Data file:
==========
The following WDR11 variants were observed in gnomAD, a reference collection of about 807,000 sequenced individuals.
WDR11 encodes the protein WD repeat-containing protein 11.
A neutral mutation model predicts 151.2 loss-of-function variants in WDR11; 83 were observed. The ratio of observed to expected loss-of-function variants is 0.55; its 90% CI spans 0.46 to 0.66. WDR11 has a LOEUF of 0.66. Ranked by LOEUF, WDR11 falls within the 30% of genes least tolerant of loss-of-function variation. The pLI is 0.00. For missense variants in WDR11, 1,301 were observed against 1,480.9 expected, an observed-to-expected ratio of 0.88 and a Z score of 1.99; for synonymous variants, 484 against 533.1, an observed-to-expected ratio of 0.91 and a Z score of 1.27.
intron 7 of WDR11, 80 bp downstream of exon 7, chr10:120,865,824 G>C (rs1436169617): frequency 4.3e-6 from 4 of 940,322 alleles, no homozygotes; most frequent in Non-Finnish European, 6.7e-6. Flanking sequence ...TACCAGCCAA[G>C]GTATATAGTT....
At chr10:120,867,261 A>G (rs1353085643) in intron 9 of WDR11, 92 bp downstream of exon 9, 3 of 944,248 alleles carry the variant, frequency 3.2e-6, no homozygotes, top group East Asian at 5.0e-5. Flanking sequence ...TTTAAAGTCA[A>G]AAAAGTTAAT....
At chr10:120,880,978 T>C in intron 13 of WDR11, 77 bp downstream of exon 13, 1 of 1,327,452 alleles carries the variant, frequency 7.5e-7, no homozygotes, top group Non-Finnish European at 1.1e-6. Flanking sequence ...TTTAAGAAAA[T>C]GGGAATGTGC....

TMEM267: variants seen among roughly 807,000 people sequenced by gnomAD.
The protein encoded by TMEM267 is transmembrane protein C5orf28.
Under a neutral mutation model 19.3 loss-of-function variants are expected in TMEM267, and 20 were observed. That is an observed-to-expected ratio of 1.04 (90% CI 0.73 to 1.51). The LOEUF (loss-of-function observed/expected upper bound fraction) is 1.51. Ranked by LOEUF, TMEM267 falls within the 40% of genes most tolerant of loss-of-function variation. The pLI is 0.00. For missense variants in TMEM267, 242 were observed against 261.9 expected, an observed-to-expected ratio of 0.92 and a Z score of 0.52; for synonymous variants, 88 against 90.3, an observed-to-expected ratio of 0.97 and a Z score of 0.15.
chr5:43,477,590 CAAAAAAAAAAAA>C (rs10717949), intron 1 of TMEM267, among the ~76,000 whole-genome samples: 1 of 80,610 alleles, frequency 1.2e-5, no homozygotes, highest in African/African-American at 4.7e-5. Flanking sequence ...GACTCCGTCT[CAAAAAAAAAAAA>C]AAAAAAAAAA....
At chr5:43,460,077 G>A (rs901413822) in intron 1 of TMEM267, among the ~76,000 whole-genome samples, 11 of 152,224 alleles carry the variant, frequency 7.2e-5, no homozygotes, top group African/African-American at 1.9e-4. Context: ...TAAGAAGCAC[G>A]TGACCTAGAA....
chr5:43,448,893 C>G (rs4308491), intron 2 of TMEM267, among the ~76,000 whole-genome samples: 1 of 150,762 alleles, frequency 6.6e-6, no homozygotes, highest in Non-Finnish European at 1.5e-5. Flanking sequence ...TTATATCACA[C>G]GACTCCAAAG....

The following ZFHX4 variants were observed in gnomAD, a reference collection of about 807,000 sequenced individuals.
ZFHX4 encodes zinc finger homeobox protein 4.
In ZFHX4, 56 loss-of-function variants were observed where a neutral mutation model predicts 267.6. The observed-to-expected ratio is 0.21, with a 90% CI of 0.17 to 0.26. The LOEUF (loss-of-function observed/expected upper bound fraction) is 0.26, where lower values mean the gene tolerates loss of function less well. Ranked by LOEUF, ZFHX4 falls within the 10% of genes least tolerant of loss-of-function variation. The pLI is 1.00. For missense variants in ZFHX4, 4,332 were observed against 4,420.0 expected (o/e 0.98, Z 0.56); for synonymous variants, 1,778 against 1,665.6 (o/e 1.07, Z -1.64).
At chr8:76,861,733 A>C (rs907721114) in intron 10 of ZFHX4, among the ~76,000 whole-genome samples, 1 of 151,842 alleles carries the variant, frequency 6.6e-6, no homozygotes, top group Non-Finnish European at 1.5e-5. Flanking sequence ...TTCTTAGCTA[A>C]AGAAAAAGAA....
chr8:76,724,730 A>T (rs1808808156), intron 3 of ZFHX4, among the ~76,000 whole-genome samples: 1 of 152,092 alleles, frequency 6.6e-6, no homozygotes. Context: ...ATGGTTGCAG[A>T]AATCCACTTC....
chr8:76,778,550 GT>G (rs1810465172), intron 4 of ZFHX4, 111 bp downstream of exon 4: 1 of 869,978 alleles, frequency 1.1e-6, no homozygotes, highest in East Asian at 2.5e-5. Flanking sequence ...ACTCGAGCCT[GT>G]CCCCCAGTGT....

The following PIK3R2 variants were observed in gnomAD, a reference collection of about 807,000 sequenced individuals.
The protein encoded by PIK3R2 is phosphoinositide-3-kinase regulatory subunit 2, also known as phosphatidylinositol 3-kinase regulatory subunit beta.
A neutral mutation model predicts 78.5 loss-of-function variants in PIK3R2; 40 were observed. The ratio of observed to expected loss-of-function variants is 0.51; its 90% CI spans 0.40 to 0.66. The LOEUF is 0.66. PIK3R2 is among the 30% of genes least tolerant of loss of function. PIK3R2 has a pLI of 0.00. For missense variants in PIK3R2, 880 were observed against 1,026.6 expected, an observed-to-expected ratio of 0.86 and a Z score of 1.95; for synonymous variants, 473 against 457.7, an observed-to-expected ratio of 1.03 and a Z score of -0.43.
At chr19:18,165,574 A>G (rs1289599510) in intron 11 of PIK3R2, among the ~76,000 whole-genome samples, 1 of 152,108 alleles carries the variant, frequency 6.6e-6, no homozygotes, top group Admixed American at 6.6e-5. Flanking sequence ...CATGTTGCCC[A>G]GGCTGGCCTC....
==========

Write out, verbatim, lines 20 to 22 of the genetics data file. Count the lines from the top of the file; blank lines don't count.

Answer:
The protein encoded by PIK3R2 is phosphoinositide-3-kinase regulatory subunit 2, also known as phosphatidylinositol 3-kinase regulatory subunit beta.
A neutral mutation model predicts 78.5 loss-of-function variants in PIK3R2; 40 were observed. The ratio of observed to expected loss-of-function variants is 0.51; its 90% CI spans 0.40 to 0.66. The LOEUF is 0.66. PIK3R2 is among the 30% of genes least tolerant of loss of function. PIK3R2 has a pLI of 0.00. For missense variants in PIK3R2, 880 were observed against 1,026.6 expected, an observed-to-expected ratio of 0.86 and a Z score of 1.95; for synonymous variants, 473 against 457.7, an observed-to-expected ratio of 1.03 and a Z score of -0.43.
At chr19:18,165,574 A>G (rs1289599510) in intron 11 of PIK3R2, among the ~76,000 whole-genome samples, 1 of 152,108 alleles carries the variant, frequency 6.6e-6, no homozygotes, top group Admixed American at 6.6e-5. Flanking sequence ...CATGTTGCCC[A>G]GGCTGGCCTC....